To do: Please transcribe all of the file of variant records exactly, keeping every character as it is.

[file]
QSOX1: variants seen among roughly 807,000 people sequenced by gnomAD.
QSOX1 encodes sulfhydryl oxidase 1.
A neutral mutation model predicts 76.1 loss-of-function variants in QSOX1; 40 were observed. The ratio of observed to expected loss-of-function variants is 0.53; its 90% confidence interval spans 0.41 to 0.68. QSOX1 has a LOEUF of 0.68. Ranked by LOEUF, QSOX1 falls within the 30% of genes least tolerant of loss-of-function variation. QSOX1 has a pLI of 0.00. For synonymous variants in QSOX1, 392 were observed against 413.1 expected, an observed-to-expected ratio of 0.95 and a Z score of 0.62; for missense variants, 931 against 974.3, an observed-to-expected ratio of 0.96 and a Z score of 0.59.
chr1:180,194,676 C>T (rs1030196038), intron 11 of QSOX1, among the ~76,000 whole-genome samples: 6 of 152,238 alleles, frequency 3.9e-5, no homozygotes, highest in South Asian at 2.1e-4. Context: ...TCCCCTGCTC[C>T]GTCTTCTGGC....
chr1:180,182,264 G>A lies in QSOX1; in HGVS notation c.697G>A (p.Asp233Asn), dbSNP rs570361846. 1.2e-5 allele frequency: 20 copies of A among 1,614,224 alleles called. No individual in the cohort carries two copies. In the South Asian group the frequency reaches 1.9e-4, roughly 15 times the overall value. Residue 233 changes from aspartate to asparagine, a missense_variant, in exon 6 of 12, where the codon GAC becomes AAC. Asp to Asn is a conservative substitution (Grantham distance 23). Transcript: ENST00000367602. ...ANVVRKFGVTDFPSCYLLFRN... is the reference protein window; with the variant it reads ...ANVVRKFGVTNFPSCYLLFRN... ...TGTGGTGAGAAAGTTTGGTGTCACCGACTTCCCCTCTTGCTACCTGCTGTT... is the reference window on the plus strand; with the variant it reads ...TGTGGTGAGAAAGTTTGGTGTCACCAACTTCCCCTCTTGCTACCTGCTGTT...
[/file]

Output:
QSOX1: variants seen among roughly 807,000 people sequenced by gnomAD.
QSOX1 encodes sulfhydryl oxidase 1.
A neutral mutation model predicts 76.1 loss-of-function variants in QSOX1; 40 were observed. The ratio of observed to expected loss-of-function variants is 0.53; its 90% confidence interval spans 0.41 to 0.68. QSOX1 has a LOEUF of 0.68. Ranked by LOEUF, QSOX1 falls within the 30% of genes least tolerant of loss-of-function variation. QSOX1 has a pLI of 0.00. For synonymous variants in QSOX1, 392 were observed against 413.1 expected, an observed-to-expected ratio of 0.95 and a Z score of 0.62; for missense variants, 931 against 974.3, an observed-to-expected ratio of 0.96 and a Z score of 0.59.
chr1:180,194,676 C>T (rs1030196038), intron 11 of QSOX1, among the ~76,000 whole-genome samples: 6 of 152,238 alleles, frequency 3.9e-5, no homozygotes, highest in South Asian at 2.1e-4. Context: ...TCCCCTGCTC[C>T]GTCTTCTGGC....
chr1:180,182,264 G>A lies in QSOX1; in HGVS notation c.697G>A (p.Asp233Asn), dbSNP rs570361846. 1.2e-5 allele frequency: 20 copies of A among 1,614,224 alleles called. No individual in the cohort carries two copies. In the South Asian group the frequency reaches 1.9e-4, roughly 15 times the overall value. Residue 233 changes from aspartate to asparagine, a missense_variant, in exon 6 of 12, where the codon GAC becomes AAC. Asp to Asn is a conservative substitution (Grantham distance 23). Transcript: ENST00000367602. ...ANVVRKFGVTDFPSCYLLFRN... is the reference protein window; with the variant it reads ...ANVVRKFGVTNFPSCYLLFRN... ...TGTGGTGAGAAAGTTTGGTGTCACCGACTTCCCCTCTTGCTACCTGCTGTT... is the reference window on the plus strand; with the variant it reads ...TGTGGTGAGAAAGTTTGGTGTCACCAACTTCCCCTCTTGCTACCTGCTGTT...